THRH and YAVAP Training in Jordan
In the Summer of 2017, 204 of the most vulnerable and at risk children and youth from Syria and Jordan graduated from IAHV’s intense 5-day Trauma-Relief, Healing and Human Values Trainings. 60 Syrian and Jordanian youth consequently became Youth Anti-Violence and Peace Ambassadors empowered to prevent and reduce violence in their schools and communities.
The participants, their supervisors as well as IAHV’s trainers all noticed a huge shift in the wellbeing, attitude and behaviour of the children. Children who lacked self-esteem, isolated themselves, displayed aggressive behaviour, or suffered from anxiety, depression and PTSD, gradually opened up, engaged with the training program, became more positive and enthusiastic, and experienced relief from long term traumas. Shy and reclusive children transformed into effective leaders taking responsibility for peace projects in their schools and communities. Conflicts and fights between different groups of children transformed into increased understanding, acceptance and joint singing, dancing and celebration.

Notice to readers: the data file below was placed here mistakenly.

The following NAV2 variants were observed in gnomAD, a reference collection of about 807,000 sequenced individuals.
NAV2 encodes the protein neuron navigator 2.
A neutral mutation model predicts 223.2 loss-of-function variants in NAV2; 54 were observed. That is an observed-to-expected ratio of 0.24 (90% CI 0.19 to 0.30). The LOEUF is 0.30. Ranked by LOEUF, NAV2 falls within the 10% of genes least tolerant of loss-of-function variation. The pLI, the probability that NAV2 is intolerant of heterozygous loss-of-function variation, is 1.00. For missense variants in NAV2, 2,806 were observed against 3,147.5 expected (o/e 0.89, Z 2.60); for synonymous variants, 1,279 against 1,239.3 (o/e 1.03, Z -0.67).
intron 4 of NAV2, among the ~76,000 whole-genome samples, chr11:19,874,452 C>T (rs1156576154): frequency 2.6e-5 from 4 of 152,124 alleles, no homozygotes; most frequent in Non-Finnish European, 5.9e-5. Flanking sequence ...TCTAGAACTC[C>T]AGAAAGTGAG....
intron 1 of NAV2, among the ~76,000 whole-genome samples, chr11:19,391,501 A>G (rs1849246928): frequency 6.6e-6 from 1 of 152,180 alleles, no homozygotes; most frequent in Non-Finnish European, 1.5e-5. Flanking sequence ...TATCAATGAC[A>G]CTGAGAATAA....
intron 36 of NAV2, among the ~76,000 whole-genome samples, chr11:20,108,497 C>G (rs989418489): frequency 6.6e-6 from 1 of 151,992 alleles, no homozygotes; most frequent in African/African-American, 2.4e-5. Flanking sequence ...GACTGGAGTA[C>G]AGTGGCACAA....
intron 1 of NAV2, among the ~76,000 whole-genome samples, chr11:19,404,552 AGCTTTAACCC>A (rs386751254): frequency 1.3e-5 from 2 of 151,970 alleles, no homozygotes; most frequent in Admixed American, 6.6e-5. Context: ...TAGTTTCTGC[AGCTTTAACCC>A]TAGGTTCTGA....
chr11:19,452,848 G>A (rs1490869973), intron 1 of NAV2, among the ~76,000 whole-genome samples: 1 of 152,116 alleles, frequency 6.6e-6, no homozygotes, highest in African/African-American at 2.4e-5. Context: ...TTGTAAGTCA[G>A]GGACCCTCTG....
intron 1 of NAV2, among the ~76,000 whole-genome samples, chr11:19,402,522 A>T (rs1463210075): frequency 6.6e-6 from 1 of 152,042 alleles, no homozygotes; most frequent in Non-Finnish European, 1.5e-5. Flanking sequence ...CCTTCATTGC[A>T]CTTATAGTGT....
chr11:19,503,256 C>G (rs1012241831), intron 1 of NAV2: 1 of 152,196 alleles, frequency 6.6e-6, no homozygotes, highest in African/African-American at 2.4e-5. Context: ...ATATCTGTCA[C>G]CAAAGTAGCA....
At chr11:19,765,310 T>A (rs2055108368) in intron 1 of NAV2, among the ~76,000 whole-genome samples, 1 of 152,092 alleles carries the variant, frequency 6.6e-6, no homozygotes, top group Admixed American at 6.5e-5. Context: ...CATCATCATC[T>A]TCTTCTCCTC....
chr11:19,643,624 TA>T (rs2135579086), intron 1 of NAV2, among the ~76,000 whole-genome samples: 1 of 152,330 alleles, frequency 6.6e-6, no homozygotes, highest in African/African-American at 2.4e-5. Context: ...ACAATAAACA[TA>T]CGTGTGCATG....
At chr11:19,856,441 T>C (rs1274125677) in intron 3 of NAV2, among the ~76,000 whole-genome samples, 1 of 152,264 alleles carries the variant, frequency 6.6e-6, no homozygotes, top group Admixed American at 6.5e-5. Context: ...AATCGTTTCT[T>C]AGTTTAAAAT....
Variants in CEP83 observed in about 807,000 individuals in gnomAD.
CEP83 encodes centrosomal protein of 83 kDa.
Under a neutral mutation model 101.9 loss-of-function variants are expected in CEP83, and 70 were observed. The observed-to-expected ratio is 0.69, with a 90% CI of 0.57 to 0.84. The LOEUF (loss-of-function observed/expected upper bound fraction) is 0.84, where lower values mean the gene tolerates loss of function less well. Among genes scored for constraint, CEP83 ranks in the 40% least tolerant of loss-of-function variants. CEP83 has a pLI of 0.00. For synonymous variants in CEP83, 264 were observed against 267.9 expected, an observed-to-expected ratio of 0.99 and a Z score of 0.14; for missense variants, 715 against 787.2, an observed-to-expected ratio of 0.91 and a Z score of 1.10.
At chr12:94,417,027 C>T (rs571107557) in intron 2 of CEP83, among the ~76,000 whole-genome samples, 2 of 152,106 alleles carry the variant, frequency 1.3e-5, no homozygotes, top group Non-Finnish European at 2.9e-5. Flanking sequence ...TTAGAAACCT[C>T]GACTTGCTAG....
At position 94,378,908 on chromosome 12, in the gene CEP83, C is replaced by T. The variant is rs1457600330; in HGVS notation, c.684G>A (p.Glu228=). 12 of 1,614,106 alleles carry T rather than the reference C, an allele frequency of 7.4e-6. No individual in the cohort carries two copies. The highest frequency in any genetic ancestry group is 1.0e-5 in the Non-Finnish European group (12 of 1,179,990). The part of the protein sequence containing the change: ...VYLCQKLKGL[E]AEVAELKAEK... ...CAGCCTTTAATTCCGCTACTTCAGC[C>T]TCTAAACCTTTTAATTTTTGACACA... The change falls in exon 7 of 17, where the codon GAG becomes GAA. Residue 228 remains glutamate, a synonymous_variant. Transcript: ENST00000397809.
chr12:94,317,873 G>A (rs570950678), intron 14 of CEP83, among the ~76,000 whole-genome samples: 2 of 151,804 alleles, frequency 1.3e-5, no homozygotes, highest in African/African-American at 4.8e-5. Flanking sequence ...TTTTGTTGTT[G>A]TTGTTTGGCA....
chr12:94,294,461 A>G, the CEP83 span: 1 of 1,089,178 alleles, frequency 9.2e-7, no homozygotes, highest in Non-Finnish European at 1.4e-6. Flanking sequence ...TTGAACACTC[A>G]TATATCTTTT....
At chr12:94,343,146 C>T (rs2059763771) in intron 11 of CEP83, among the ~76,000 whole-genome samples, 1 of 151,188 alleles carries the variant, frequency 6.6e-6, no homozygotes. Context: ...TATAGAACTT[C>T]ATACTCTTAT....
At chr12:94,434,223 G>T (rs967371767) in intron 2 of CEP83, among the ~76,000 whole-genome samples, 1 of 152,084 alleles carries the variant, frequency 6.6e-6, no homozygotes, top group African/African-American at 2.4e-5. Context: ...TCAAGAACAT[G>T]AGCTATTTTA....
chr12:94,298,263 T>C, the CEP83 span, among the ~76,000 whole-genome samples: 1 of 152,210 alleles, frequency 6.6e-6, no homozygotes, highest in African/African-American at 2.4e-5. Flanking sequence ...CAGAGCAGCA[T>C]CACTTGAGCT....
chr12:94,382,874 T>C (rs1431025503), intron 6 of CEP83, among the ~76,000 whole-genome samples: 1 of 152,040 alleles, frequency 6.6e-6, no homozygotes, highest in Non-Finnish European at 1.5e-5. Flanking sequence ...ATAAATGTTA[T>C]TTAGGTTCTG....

Symptomatic participants experienced a 25.92% decrease in anxiety levels, a 25.46% decrease in depression levels, a 36.41% decrease in PTSD levels, a 40.61% decrease in sleeping problems, and a 44.19% decrease in feeling hopeless about the future upon completing THRH and/or YAVAP trainings.
Based on the THRH participants’ testimonials, the trainers’ observations, the feedback of the referring organisations and the evaluation forms, the THRH trainings reduced depression, anxiety, PTSD and violent behavior and improved the participants’ sense of safety, positive emotions, self-esteem, outlook and coping mechanisms. The testimonials of the THRH participants speak of the reduction in their stress levels, anxiety and tendencies for violent behavior throughout the program, and of being able to control their reactions to fight with other participants. They also mention their increased positive outlook on life and sense of hope.